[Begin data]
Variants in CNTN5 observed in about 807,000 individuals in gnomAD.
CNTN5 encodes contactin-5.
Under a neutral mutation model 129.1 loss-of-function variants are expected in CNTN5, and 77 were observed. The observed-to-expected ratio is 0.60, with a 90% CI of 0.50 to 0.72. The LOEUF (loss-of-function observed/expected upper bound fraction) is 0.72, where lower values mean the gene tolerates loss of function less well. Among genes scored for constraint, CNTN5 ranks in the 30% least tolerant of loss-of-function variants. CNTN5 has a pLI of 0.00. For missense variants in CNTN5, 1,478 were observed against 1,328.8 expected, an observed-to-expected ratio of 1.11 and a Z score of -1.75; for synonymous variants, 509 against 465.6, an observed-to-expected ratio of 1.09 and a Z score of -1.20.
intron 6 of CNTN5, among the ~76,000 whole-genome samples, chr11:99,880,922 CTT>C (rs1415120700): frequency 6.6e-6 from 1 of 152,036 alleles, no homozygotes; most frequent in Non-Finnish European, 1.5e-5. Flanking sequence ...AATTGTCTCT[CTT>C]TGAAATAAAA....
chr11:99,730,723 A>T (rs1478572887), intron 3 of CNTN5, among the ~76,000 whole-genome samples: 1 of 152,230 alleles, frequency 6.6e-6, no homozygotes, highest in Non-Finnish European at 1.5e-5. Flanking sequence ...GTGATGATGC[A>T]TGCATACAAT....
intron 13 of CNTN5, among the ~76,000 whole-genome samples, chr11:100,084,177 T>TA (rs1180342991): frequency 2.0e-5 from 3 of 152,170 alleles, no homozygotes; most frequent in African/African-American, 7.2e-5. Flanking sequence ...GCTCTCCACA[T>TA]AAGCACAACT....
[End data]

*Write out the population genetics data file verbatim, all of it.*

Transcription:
Variants in CNTN5 observed in about 807,000 individuals in gnomAD.
CNTN5 encodes contactin-5.
Under a neutral mutation model 129.1 loss-of-function variants are expected in CNTN5, and 77 were observed. The observed-to-expected ratio is 0.60, with a 90% CI of 0.50 to 0.72. The LOEUF (loss-of-function observed/expected upper bound fraction) is 0.72, where lower values mean the gene tolerates loss of function less well. Among genes scored for constraint, CNTN5 ranks in the 30% least tolerant of loss-of-function variants. CNTN5 has a pLI of 0.00. For missense variants in CNTN5, 1,478 were observed against 1,328.8 expected, an observed-to-expected ratio of 1.11 and a Z score of -1.75; for synonymous variants, 509 against 465.6, an observed-to-expected ratio of 1.09 and a Z score of -1.20.
intron 6 of CNTN5, among the ~76,000 whole-genome samples, chr11:99,880,922 CTT>C (rs1415120700): frequency 6.6e-6 from 1 of 152,036 alleles, no homozygotes; most frequent in Non-Finnish European, 1.5e-5. Flanking sequence ...AATTGTCTCT[CTT>C]TGAAATAAAA....
chr11:99,730,723 A>T (rs1478572887), intron 3 of CNTN5, among the ~76,000 whole-genome samples: 1 of 152,230 alleles, frequency 6.6e-6, no homozygotes, highest in Non-Finnish European at 1.5e-5. Flanking sequence ...GTGATGATGC[A>T]TGCATACAAT....
intron 13 of CNTN5, among the ~76,000 whole-genome samples, chr11:100,084,177 T>TA (rs1180342991): frequency 2.0e-5 from 3 of 152,170 alleles, no homozygotes; most frequent in African/African-American, 7.2e-5. Flanking sequence ...GCTCTCCACA[T>TA]AAGCACAACT....